Today will happen. May it be not evil. May
it be not final. The letters in the accidental
sequence make a dim prophecy. May this strange
city make love to me today and remain loyal.

The matter-of-factness in the first sentence of the first line—the assertion that today will indeed happen—isn’t a reduction or a restriction of what follows as so often is the case; instead, the directness paves the way for the diverse incantations that follow.

In her notes, Wójcik-Leese notes that this collection serves as a chronology of Świetlicki’s poetry. Her curation walks us through his poetry, but also provides the lyrical voice with its own story, too. This is exactly what I hope for from such a collection, and I’ll be thinking about these poems for days and months to come—in particular, the solitary line of the final poem hasn’t stopped replaying itself in my head: “And this can’t be done endlessly.” This can’t be done endlessly, can it? —KD


Clara Altfeld lives in Nagasaki, Japan.

Rose Bialer is a recent graduate of Kenyon College where she majored in Spanish and Sociology. While there, she interned at 826 Valencia and was an associate at the Kenyon Review. She teaches English in Madrid, Spain.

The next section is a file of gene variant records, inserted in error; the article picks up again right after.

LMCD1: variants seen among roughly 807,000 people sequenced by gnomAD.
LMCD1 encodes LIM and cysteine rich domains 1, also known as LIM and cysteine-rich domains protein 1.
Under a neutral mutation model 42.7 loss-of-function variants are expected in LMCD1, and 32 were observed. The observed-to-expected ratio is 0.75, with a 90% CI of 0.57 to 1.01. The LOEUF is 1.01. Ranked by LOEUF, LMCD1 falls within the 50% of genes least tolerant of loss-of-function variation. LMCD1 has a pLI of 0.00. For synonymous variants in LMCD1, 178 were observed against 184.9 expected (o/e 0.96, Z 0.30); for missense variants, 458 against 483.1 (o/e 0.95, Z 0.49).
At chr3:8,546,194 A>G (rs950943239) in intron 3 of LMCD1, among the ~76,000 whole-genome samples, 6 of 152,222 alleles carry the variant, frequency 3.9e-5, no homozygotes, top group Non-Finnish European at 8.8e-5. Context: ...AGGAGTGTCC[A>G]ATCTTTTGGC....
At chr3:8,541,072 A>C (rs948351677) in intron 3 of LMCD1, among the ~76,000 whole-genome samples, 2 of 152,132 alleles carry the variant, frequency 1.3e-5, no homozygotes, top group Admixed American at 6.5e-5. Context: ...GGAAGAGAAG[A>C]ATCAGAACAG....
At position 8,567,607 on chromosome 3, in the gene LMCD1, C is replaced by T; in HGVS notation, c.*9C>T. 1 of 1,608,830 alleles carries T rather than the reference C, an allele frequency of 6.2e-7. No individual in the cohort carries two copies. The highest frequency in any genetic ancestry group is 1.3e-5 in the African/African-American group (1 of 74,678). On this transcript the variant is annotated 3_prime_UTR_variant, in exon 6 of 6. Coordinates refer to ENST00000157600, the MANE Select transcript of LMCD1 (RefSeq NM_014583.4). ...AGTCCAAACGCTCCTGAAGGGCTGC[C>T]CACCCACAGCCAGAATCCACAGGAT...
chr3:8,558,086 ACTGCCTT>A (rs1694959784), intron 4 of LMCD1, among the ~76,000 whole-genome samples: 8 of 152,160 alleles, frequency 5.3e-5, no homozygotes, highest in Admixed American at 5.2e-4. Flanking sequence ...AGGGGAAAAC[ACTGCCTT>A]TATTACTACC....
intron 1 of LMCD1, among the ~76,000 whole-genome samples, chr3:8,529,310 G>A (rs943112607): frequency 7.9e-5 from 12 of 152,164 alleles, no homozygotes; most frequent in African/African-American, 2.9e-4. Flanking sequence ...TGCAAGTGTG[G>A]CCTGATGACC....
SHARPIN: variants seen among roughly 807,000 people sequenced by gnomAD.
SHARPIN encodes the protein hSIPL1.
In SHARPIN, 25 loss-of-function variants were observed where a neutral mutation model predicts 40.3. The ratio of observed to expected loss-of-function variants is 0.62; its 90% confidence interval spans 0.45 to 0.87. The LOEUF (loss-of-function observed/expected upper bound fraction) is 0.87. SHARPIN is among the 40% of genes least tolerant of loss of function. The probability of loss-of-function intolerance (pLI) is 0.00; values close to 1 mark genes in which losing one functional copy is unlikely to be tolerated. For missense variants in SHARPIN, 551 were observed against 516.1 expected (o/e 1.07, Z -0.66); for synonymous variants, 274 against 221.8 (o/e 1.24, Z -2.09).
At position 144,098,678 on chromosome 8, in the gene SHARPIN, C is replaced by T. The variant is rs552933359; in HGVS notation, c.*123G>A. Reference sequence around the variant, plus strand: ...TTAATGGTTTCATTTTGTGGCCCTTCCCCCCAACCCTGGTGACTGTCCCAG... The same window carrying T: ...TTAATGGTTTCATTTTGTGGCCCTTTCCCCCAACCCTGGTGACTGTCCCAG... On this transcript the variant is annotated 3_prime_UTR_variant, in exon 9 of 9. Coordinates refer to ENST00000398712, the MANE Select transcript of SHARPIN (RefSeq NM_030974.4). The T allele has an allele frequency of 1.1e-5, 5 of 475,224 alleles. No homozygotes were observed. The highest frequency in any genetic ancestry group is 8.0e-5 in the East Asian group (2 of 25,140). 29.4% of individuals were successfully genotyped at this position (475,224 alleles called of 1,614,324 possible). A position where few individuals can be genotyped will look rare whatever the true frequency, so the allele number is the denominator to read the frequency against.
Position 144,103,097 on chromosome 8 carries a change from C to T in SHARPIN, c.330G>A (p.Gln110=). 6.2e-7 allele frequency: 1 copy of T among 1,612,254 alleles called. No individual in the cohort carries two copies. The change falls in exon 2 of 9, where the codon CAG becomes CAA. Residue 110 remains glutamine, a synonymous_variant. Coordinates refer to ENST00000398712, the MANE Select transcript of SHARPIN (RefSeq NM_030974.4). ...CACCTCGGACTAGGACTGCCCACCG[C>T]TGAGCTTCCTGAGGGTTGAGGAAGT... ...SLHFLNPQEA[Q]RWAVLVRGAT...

Paul Cunningham is the author of the The House of the Tree of Sores (Schism2 Press, 2020) and his latest chapbook is The Inmost (Carrion Bloom Books, 2020). He is the translator of Helen Österlund’s Words (OOMPH! Press, 2019). He is a managing editor of Action Books, co-editor of Radioactive Cloud, and co-curator of the Yumfactory Reading Series. He is a PhD candidate at the University of Georgia.

Kraig Davis currently lives, translates, and works in Hamburg, Germany.

Katherine M. Hedeen’s latest translations include from a red barn by Víctor Rodríguez Núñez and prepoems in postspanish and other poems by Jorgenrique Adoum. She is a Professor of Spanish at Kenyon College, a Managing Editor of Action Books, and the Poetry in Translation Editor at the Kenyon Review.

Gabriella Martin is a translator and scholar based at Aarhus University in Denmark. She holds a PhD in Hispanic Studies from Washington University in St. Louis.

Erintrude Pieta is a writer, translator, and current MFA candidate at North Carolina State University.

Kelsi Vanada’s translations from Spanish are Into Muteness by Sergio Espinosa and The Eligible Age by Berta García Faet. She’s the author of the poetry chapbook Rare Earth and the Program Manager of ALTA in Tucson.

Jay G Ying is a Chinese-Scottish writer, critic and translator. Currently, he is an MFA candidate at Brown University. He is the author of two poetry chapbooks: Wedding Beasts (2019) and Katabasis (2020). He is a Contributing Editor at The White Review.